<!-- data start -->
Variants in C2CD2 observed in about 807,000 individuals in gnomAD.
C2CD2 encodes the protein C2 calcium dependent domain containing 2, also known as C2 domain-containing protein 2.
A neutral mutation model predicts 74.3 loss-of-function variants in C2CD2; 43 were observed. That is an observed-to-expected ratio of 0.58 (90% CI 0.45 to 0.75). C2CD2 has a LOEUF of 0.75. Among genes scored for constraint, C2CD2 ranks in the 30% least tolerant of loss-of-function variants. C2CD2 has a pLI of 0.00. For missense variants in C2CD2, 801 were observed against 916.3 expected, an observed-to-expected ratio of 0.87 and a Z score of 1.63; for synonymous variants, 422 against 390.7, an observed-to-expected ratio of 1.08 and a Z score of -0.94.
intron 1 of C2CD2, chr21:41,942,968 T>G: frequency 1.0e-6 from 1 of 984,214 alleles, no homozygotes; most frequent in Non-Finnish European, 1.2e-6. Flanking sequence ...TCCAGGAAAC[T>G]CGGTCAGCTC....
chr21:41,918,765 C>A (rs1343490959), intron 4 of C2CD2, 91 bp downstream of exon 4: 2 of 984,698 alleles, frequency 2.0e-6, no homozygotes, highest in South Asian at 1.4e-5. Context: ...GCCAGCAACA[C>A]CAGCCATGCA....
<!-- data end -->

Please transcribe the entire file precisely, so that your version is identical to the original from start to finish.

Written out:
Variants in C2CD2 observed in about 807,000 individuals in gnomAD.
C2CD2 encodes the protein C2 calcium dependent domain containing 2, also known as C2 domain-containing protein 2.
A neutral mutation model predicts 74.3 loss-of-function variants in C2CD2; 43 were observed. That is an observed-to-expected ratio of 0.58 (90% CI 0.45 to 0.75). C2CD2 has a LOEUF of 0.75. Among genes scored for constraint, C2CD2 ranks in the 30% least tolerant of loss-of-function variants. C2CD2 has a pLI of 0.00. For missense variants in C2CD2, 801 were observed against 916.3 expected, an observed-to-expected ratio of 0.87 and a Z score of 1.63; for synonymous variants, 422 against 390.7, an observed-to-expected ratio of 1.08 and a Z score of -0.94.
intron 1 of C2CD2, chr21:41,942,968 T>G: frequency 1.0e-6 from 1 of 984,214 alleles, no homozygotes; most frequent in Non-Finnish European, 1.2e-6. Flanking sequence ...TCCAGGAAAC[T>G]CGGTCAGCTC....
chr21:41,918,765 C>A (rs1343490959), intron 4 of C2CD2, 91 bp downstream of exon 4: 2 of 984,698 alleles, frequency 2.0e-6, no homozygotes, highest in South Asian at 1.4e-5. Context: ...GCCAGCAACA[C>A]CAGCCATGCA....